MagLab U: Learning about Electricity and Magnetism
This is one-stop shopping for nearly anything you might want to know about electricity and magnetism. From André-Marie Ampère to Wilhelm Weber, from 600 BC to the 21st century, from one end of the World Wide Web to the other: All you need is a mouse and an inquiring mind.
Here you'll find explanations and interactive graphics on the concepts, laws, tools and historical milestones associated with electricity and magnetism. Some of the tutorials are in Java, others in Flash (which looks and works better). We're updating all of our interactive graphics to Flash, so please check back again soon.
You won’t find any tests, formulas or cryptic science-ese here. Our goal is to explain some of the very cool work that goes on at our lab in a way that won’t scare away artists or English majors. Learn about magnets, MRIs, cryogenics and more.
Audio slideshows demonstrating concepts related to magnetism, electricity and other areas of science.
Pioneers in Electricity and Magnetism
Amp, Celsius, Kelvin, hertz, tesla: These terms are familiar to all science students. Behind them is a group of scientists who went down in history for their groundbreaking work in magnetism and electricity. Get to know these pioneers by visiting this page.
Museum of Electricity and Magnetism
From the world's first "south-pointer" (an early compass) to modern instruments such as the magnetic force microscope, our Museum of Electricity and Magnetism will introduce you to a variety of instruments, tools and machines devised over the centuries.
Timeline of Electricity and Magnetism
Our timeline guides you through the highlights of electricity and magnetism across the globe, from the first compasses in China to the invention of magnetic core computer memory at the Massachusetts Institute of Technology and beyond.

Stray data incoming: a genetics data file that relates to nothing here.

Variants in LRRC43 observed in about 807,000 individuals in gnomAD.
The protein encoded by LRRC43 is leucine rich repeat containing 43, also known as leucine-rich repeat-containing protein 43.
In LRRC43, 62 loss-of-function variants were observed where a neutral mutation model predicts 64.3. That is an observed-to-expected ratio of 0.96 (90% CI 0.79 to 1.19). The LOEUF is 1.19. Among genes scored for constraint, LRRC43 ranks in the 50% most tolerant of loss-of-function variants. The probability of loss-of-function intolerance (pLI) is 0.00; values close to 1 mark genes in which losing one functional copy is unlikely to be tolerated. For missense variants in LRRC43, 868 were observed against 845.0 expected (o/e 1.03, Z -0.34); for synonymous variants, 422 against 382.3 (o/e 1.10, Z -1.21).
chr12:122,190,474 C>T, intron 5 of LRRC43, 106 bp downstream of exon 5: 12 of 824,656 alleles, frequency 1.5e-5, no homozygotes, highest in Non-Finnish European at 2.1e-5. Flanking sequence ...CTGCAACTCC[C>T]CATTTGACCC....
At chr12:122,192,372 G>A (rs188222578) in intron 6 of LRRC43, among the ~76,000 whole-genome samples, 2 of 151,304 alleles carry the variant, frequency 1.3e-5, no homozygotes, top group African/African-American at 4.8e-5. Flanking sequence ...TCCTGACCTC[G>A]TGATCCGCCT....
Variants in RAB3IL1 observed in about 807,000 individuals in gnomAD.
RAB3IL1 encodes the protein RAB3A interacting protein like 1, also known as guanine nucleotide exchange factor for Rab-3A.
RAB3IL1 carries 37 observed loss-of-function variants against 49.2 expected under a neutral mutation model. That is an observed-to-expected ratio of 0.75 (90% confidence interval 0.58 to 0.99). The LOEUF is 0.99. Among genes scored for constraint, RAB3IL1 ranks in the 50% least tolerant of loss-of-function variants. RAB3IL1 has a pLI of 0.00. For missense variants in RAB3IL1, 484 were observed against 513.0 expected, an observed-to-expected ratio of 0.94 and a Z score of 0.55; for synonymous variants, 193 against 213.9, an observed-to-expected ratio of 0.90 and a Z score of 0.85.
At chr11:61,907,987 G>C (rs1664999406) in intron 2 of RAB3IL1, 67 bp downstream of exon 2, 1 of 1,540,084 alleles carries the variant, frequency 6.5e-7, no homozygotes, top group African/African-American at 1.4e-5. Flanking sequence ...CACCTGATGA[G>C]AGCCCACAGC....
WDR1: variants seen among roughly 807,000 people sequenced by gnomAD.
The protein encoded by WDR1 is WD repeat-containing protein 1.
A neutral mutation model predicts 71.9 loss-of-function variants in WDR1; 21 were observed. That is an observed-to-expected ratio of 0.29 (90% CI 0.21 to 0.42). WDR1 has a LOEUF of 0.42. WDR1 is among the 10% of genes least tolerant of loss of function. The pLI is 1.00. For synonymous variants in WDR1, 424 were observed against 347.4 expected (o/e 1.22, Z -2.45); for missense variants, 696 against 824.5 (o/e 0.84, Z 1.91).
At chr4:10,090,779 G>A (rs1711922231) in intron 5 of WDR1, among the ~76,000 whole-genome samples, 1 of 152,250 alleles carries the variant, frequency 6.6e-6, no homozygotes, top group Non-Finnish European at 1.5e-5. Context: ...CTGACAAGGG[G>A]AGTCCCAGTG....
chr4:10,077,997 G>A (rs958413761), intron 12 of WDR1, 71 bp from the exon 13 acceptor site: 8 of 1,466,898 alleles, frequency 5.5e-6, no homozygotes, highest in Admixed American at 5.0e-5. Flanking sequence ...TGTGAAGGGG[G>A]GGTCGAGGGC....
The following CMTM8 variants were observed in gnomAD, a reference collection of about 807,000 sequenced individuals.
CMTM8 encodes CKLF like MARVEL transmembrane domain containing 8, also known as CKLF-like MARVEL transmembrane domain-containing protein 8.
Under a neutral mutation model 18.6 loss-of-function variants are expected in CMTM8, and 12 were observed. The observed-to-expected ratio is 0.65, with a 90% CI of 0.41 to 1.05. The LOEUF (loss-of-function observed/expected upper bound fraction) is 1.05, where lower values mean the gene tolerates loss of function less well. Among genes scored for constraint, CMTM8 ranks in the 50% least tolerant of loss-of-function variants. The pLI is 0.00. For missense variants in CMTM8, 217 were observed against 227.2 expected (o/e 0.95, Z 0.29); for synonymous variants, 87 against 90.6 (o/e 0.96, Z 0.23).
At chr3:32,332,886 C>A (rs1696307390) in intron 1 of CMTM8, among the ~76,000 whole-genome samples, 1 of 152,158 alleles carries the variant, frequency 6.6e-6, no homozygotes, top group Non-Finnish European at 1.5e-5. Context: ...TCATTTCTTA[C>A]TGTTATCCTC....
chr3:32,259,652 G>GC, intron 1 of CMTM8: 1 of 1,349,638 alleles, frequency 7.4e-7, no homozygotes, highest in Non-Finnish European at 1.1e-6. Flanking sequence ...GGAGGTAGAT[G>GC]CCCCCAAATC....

Find out about some of the key events in magnet history.
Tools of the Trade
Descriptions of tools and techniques used by scientists here at the MagLab.
Materials Under the Microscope
A series of more technical discussions on topics that include superconductivity and thin metallic films, illustrated by photomicrographs that offer brilliant close-ups of these materials.
Electricity and Magnetism on the Web
Check out these quality Web sites. We've done the sifting for you, identifying reputable sites offering great content. Produced by a variety of institutions, these sites let you see magnets levitate, explore electric fields and a lot more.
An audio dictionary about the MagLab in which our scientists define terms that are bandied about at the lab, but missing from most people's vocabulary.
What Is This?
Helium recovery bags? Dewars? Bus rooms? Huh? Find out about these and other unusual contraptions found around the lab.
MagLab U graphics © by Molecular Expressions. Text © by Florida State University.